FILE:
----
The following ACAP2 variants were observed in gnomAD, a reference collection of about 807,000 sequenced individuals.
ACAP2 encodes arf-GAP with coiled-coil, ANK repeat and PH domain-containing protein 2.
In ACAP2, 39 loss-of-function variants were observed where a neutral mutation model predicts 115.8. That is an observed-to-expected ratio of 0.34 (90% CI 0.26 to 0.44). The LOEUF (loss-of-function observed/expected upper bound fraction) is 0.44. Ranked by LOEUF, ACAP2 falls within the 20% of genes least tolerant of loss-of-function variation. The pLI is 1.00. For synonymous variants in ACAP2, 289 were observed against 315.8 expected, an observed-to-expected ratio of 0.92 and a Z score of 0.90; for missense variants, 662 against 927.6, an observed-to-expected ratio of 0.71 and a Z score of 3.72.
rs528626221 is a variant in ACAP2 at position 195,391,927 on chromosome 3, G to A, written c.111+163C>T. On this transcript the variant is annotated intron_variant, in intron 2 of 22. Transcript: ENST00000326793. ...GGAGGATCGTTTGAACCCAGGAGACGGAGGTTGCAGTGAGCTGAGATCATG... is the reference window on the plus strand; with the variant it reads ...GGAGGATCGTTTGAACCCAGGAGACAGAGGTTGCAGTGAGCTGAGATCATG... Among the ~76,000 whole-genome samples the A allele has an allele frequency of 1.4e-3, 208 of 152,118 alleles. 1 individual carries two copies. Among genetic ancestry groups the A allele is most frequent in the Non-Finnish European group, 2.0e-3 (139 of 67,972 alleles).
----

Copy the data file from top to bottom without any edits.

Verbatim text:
The following ACAP2 variants were observed in gnomAD, a reference collection of about 807,000 sequenced individuals.
ACAP2 encodes arf-GAP with coiled-coil, ANK repeat and PH domain-containing protein 2.
In ACAP2, 39 loss-of-function variants were observed where a neutral mutation model predicts 115.8. That is an observed-to-expected ratio of 0.34 (90% CI 0.26 to 0.44). The LOEUF (loss-of-function observed/expected upper bound fraction) is 0.44. Ranked by LOEUF, ACAP2 falls within the 20% of genes least tolerant of loss-of-function variation. The pLI is 1.00. For synonymous variants in ACAP2, 289 were observed against 315.8 expected, an observed-to-expected ratio of 0.92 and a Z score of 0.90; for missense variants, 662 against 927.6, an observed-to-expected ratio of 0.71 and a Z score of 3.72.
rs528626221 is a variant in ACAP2 at position 195,391,927 on chromosome 3, G to A, written c.111+163C>T. On this transcript the variant is annotated intron_variant, in intron 2 of 22. Transcript: ENST00000326793. ...GGAGGATCGTTTGAACCCAGGAGACGGAGGTTGCAGTGAGCTGAGATCATG... is the reference window on the plus strand; with the variant it reads ...GGAGGATCGTTTGAACCCAGGAGACAGAGGTTGCAGTGAGCTGAGATCATG... Among the ~76,000 whole-genome samples the A allele has an allele frequency of 1.4e-3, 208 of 152,118 alleles. 1 individual carries two copies. Among genetic ancestry groups the A allele is most frequent in the Non-Finnish European group, 2.0e-3 (139 of 67,972 alleles).